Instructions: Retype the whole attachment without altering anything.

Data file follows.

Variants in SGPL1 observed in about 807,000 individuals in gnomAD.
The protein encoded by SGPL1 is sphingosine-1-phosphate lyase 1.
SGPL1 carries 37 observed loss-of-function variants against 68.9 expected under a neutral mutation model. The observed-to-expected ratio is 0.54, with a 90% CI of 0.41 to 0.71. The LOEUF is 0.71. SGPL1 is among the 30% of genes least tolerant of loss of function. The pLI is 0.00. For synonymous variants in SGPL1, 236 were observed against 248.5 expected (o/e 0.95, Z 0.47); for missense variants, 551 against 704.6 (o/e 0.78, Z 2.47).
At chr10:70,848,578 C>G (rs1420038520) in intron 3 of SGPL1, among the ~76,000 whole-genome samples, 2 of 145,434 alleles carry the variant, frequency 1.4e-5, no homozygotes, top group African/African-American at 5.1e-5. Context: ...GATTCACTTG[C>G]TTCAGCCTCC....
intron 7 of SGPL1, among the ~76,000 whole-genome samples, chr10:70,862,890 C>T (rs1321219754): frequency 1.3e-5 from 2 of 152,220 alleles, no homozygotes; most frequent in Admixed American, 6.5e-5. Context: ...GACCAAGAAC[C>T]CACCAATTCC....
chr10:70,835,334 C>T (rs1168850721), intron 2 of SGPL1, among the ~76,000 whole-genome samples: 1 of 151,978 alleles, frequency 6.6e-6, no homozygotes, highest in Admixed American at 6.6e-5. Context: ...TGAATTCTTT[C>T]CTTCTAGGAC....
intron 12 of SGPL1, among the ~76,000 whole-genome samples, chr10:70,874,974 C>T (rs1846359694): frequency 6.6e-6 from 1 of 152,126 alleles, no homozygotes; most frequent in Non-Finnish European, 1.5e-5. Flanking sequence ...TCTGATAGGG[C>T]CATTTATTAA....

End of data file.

Variants in SGPL1 observed in about 807,000 individuals in gnomAD.
The protein encoded by SGPL1 is sphingosine-1-phosphate lyase 1.
SGPL1 carries 37 observed loss-of-function variants against 68.9 expected under a neutral mutation model. The observed-to-expected ratio is 0.54, with a 90% CI of 0.41 to 0.71. The LOEUF is 0.71. SGPL1 is among the 30% of genes least tolerant of loss of function. The pLI is 0.00. For synonymous variants in SGPL1, 236 were observed against 248.5 expected (o/e 0.95, Z 0.47); for missense variants, 551 against 704.6 (o/e 0.78, Z 2.47).
At chr10:70,848,578 C>G (rs1420038520) in intron 3 of SGPL1, among the ~76,000 whole-genome samples, 2 of 145,434 alleles carry the variant, frequency 1.4e-5, no homozygotes, top group African/African-American at 5.1e-5. Context: ...GATTCACTTG[C>G]TTCAGCCTCC....
intron 7 of SGPL1, among the ~76,000 whole-genome samples, chr10:70,862,890 C>T (rs1321219754): frequency 1.3e-5 from 2 of 152,220 alleles, no homozygotes; most frequent in Admixed American, 6.5e-5. Context: ...GACCAAGAAC[C>T]CACCAATTCC....
chr10:70,835,334 C>T (rs1168850721), intron 2 of SGPL1, among the ~76,000 whole-genome samples: 1 of 151,978 alleles, frequency 6.6e-6, no homozygotes, highest in Admixed American at 6.6e-5. Context: ...TGAATTCTTT[C>T]CTTCTAGGAC....
intron 12 of SGPL1, among the ~76,000 whole-genome samples, chr10:70,874,974 C>T (rs1846359694): frequency 6.6e-6 from 1 of 152,126 alleles, no homozygotes; most frequent in Non-Finnish European, 1.5e-5. Flanking sequence ...TCTGATAGGG[C>T]CATTTATTAA....